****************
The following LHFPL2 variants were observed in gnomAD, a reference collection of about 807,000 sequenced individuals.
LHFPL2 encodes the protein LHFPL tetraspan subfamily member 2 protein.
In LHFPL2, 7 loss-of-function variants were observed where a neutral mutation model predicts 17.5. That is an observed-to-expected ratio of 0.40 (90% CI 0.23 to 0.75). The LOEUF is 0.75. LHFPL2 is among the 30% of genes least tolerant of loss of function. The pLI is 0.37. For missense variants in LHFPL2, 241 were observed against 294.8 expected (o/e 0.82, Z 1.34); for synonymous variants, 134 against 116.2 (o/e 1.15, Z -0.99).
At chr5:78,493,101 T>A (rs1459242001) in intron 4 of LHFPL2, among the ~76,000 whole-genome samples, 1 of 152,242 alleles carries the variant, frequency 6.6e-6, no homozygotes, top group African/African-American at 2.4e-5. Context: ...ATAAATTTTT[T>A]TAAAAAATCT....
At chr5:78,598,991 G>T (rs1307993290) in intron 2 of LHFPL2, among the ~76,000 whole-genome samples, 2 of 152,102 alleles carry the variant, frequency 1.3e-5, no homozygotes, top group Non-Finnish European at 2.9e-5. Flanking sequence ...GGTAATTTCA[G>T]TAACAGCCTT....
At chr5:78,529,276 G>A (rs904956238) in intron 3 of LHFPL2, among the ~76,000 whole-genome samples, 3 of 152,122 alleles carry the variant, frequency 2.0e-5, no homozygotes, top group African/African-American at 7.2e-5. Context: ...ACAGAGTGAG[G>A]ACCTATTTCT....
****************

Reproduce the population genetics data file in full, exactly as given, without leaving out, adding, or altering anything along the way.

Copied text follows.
The following LHFPL2 variants were observed in gnomAD, a reference collection of about 807,000 sequenced individuals.
LHFPL2 encodes the protein LHFPL tetraspan subfamily member 2 protein.
In LHFPL2, 7 loss-of-function variants were observed where a neutral mutation model predicts 17.5. That is an observed-to-expected ratio of 0.40 (90% CI 0.23 to 0.75). The LOEUF is 0.75. LHFPL2 is among the 30% of genes least tolerant of loss of function. The pLI is 0.37. For missense variants in LHFPL2, 241 were observed against 294.8 expected (o/e 0.82, Z 1.34); for synonymous variants, 134 against 116.2 (o/e 1.15, Z -0.99).
At chr5:78,493,101 T>A (rs1459242001) in intron 4 of LHFPL2, among the ~76,000 whole-genome samples, 1 of 152,242 alleles carries the variant, frequency 6.6e-6, no homozygotes, top group African/African-American at 2.4e-5. Context: ...ATAAATTTTT[T>A]TAAAAAATCT....
At chr5:78,598,991 G>T (rs1307993290) in intron 2 of LHFPL2, among the ~76,000 whole-genome samples, 2 of 152,102 alleles carry the variant, frequency 1.3e-5, no homozygotes, top group Non-Finnish European at 2.9e-5. Flanking sequence ...GGTAATTTCA[G>T]TAACAGCCTT....
At chr5:78,529,276 G>A (rs904956238) in intron 3 of LHFPL2, among the ~76,000 whole-genome samples, 3 of 152,122 alleles carry the variant, frequency 2.0e-5, no homozygotes, top group African/African-American at 7.2e-5. Context: ...ACAGAGTGAG[G>A]ACCTATTTCT....